The Balinese cat is actually from Thailand, not Bali or any part of Indonesia. It descended from the Siamese cats brought to the U.S. and UK in the mid-1800s, some of whom carried a recessive gene for long hair. The Balinese breed was created by deliberately breeding these naturally occurring traits together.
The mid-20th century saw the US experiencing a boom in cat breeding. Breeders started an effort to create a new breed of Siamese cats, which were then known as “Long-haired Siamese”. However, they found that name to be cumbersome and shortened it to “Balinese” as a reference to the gracefulness of Balinese dancers.
In the 1960s and 1970s, a breeder named Sylvia Holland recognized only cats with classic Siamese markings in the seal, chocolate, blue, and lilac as true Balinese. She refused to accept other cats that had likely been bred from other breeds.
The cat is a long-haired breed of domestic cat that has the point coloring and sapphire-blue eyes of a Siamese, but with a medium-length silky coat. It originated as a natural mutation from the Siamese, so it’s essentially the same cat but with longer fur.
In 1970, The Javanese is a breed of cat that was developed from the Colorpoint Shorthair. The Javanese have their origins in Java, an island off the west coast of Indonesia, just as the Balinese do. A breeder named Evelyn Mott-Smith bred a Siamese to a red tabby and named him Balinese after the island.
The Balinese, like the Siamese before it, was developed from early Siamese. The original breeds are similar to the traditional Siamese because they used the old-style Siamese in their development.
By the mid-1980s, there were two types of Balinese cats in existence: the traditional type that was developed by Western breeders and the show Siamese type. The original Balinese had a completely different look from the modern versions.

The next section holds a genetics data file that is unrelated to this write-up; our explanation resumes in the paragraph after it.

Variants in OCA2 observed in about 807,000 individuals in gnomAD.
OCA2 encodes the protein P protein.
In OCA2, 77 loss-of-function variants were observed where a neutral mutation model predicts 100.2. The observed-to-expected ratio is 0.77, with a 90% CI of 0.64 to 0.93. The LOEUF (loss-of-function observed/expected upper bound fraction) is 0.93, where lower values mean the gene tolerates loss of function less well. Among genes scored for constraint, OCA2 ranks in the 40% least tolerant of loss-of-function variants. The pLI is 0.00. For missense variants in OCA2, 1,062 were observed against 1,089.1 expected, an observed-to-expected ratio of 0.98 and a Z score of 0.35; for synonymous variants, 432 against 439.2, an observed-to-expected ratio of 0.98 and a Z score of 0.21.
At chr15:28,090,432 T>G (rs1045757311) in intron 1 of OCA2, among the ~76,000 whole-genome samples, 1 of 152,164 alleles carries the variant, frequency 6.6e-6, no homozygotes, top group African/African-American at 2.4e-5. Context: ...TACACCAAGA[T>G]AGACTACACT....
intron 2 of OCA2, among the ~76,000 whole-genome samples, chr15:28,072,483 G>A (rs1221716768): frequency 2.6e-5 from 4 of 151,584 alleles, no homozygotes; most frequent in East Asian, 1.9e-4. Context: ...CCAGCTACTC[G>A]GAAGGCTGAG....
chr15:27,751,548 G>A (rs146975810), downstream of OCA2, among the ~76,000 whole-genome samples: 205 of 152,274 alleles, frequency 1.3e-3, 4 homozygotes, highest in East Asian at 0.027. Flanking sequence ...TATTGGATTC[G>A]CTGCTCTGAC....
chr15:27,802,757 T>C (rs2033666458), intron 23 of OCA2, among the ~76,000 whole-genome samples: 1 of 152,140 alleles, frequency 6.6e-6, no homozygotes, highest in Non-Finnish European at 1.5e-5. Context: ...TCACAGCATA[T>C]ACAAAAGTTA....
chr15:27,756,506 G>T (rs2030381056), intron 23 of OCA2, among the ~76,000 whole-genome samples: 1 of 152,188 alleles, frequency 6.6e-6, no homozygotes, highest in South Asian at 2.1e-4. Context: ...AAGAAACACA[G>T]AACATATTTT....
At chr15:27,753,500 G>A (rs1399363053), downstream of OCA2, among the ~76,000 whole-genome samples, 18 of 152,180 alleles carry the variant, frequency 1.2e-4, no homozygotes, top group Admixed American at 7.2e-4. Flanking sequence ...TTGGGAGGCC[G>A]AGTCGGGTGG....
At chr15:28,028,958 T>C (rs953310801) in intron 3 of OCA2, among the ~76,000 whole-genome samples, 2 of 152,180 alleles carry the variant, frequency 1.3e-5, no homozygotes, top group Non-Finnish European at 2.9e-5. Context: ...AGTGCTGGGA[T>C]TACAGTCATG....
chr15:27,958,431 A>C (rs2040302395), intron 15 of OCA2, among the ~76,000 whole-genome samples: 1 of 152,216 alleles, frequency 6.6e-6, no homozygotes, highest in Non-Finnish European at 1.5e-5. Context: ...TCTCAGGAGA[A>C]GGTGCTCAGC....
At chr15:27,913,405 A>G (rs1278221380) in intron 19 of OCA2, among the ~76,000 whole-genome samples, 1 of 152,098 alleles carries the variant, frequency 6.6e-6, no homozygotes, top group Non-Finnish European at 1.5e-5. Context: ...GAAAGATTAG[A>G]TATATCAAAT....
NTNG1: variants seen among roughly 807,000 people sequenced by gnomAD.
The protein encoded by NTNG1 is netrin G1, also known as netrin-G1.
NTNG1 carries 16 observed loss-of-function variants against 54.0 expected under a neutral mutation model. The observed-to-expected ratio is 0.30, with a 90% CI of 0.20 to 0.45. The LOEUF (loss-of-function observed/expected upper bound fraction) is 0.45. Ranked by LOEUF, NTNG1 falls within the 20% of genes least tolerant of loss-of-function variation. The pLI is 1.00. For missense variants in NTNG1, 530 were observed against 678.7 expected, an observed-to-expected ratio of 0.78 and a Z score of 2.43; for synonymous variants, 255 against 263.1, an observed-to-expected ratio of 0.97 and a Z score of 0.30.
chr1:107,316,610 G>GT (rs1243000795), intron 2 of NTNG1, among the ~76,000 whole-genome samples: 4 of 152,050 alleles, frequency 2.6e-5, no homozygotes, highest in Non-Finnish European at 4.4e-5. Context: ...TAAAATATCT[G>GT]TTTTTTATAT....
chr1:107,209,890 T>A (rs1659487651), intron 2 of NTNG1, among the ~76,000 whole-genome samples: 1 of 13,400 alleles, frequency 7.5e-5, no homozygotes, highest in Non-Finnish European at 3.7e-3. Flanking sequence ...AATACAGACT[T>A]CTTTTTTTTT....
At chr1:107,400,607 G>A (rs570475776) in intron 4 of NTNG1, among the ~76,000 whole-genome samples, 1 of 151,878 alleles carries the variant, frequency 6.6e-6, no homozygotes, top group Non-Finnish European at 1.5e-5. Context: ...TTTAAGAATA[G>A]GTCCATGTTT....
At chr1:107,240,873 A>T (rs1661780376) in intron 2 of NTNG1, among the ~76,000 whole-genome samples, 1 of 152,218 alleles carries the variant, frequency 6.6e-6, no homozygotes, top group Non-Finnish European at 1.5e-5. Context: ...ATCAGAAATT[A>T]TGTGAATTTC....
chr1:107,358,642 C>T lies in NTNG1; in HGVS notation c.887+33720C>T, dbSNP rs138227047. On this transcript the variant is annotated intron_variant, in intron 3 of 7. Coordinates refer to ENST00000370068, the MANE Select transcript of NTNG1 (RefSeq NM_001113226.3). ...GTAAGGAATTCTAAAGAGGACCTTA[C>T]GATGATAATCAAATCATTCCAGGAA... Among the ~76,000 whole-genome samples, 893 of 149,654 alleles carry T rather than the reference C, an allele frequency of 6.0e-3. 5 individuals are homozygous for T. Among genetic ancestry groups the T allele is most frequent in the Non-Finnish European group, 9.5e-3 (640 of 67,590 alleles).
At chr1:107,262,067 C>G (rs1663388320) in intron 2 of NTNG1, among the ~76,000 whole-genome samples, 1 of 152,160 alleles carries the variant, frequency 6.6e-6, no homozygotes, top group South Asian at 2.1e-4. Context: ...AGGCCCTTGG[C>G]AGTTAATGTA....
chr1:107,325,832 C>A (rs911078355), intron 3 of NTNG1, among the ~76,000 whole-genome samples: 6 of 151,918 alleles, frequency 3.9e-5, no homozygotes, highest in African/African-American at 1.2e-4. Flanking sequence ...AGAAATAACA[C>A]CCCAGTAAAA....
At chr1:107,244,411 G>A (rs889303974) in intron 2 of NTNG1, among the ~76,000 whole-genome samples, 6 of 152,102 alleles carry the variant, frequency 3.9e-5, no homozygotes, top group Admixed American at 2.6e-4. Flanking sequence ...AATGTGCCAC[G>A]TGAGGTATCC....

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The modern Siamese has a more wedge-shaped head with a long tapering muzzle and longer. The modern Siamese is longer, leaner, and lither than the original breed. The ears are larger, more rounded at the tips, and set farther apart on the head. The muzzle is less prominent and shorter than in the original breed. The coat is medium-length with a fine texture.
The Balinese are still similar to the Siamese. Both are slender, graceful cats with long legs and tails, oval paws, almond-shaped eyes, and large pointed ears. While the traditional type is sturdier overall with a broader head and more substantial body than the svelte Siamese, both types are relatively light for their size.
The body of a Balinese Siamese is even with subtle shading. In mature cats, darker coloring occasionally develops. The contrast between body color and points is distinct. Mask, ears, legs, feet, and tail are well-defined with darker coloration. The mask covers the face including the whisker pads and extends to connect to the ears.
Balinese people are very sensitive to your moods, and they will respond accordingly. If you’re sad, they will try to cheer you up; if you’re happy, they will join in with you. Since the Balinese are vocal themselves, they will respond to your tone of voice. A scolding tone may hurt their feelings because it hurt their feeling.
They are known for their high intelligence and acrobatic nature. They also enjoy close contact with their owners. So a coaching tone and positive reinforcement are the only effective way of correcting unwanted behavior.
The Balinese cat’s coat is silky and fine, requiring little grooming. A stainless steel comb will remove dead hair once or twice a week. A bath is rarely necessary unless the cat rolls in something smelly like fish or skunk. Keep the Balinese as an indoor-only cat to protect him from diseases spread by other pets.
They are considered a healthy breed with only a few health problems but they are prone to some diseases like Asthma/bronchial disease, congenital heart defects, Crossed eyes, gastrointestinal conditions, etc. With an average life span of 11-13 years of age.